Some of the most 'out there' hair of late has been featured at fashion shows in London, Paris, Milan and Berlin—as well as at Style Fashion Week in New York and L.A.

In 2001, Art Basel put Miami on the map as an international destination for modern and contemporary art, while also making early December an important and exciting time in South Florida.

This year, over 250 galleries from 31-plus countries are being showcased Dec. 3 – 6 at the Miami Beach Convention Center. In addition, a host of ancillary cultural events throughout the city will provide an opportunity for locals to rub elbows with the gallery owners, artists, collectors, and glitterati that gather in South Beach from around the globe.

With the sophisticated, cutting-edge vibe that Art Basel brings, it’s only fitting to take a look at avant-garde and international hairstyle trends, which ultimately have an effect on trends here in the U.S.

Modern hair trends—a history

During the 20th century, fashion and hair trends tended to be defined by the decades, notes Woody Michleb, Keratin Complex’s International Artistic Director for Cut & Style. For instance, think of the bouffant or pompadour of the 1950s, or the “Rachel” and the mullet from the 1990s.

But, as the new century got underway, the overall trend started to be more about the individual, and less about the pack. “After 2010, there’s been no real ‘defining’ style; anything goes,” Woody says. “It’s really more about personality and daring with how far you want to go with your hair.”

Woody characterizes hairstyles today as “an amalgam of the different decades.” Wherever you go, you will see personalized versions of modern mullets, pixie cuts, bobs, layered hair, texture, or straight hairstyles—to name a few. This allows the freedom to go with a style that is most fitting and flattering, rather than trying to follow a look prescribed by “fashion.”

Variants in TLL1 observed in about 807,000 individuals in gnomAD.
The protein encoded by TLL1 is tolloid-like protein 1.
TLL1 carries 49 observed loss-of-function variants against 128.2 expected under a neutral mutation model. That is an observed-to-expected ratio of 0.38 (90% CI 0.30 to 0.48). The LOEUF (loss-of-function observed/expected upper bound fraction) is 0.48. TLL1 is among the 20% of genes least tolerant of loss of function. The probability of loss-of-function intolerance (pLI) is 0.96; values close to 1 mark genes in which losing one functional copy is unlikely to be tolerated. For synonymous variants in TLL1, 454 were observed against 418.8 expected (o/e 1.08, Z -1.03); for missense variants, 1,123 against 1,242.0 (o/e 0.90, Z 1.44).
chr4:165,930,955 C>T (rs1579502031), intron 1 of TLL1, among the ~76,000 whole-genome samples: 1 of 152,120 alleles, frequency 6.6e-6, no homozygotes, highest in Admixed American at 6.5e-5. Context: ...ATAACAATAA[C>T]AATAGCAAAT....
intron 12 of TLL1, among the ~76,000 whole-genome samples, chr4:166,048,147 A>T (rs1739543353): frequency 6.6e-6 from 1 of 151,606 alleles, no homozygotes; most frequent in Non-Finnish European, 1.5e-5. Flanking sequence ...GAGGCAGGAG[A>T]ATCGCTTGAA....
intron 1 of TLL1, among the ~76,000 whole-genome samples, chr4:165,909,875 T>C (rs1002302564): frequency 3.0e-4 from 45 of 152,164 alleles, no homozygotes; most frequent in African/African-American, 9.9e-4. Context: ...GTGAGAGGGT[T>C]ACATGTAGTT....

People are also experimenting with color in more daring ways, Woody observes. Stylists are receiving requests to use hair color to add definition, mimic natural highlights, or apply extreme shades for bold expression.

Today’s hair is also benefitting from advances in science. “We have learned a lot about hair; we understand chemistry and the biological part of it,” Woody says. “So we have created a lot of tools and products in the industry that will reconstruct the hair and give it more shine and manageability.”

How hair trends happen

In the United States, mainstream fashion and style trends trickle down from celebrity culture—specifically, from the reigning stars of film, TV, music and (more recently) sports. The pompadour of the 50s was most famously worn by singer/actor Elvis Presley as he shot to fame, while the Rachel was literally inspired by a character with that name on the sitcom Friends, one of the most popular shows of the 90s.

In addition, consumer trends also take a cue from what the fashion designers send down the runways during each showing of their seasonal collections. These styles usually pass through celebrities and other style leaders, via couture designs, and into the ready-to-wear, mass-market category.

Edgier styles, however, typically originate in Europe—which tends to be more daring and fashion-forward than the U.S. For instance, the androgynous look that was all the rage during the 1970s and 80s had its roots in such icons as British fashion model Twiggy, whose boyish haircut—and figure—inspired a generation of copycats; glam rocker David Bowie and his flamboyant alter-ego Ziggy Stardust; and the Jamaican-born singer/actress Grace Jones, who spent her early career as a model in Paris perfecting her Amazonian look—and attitude.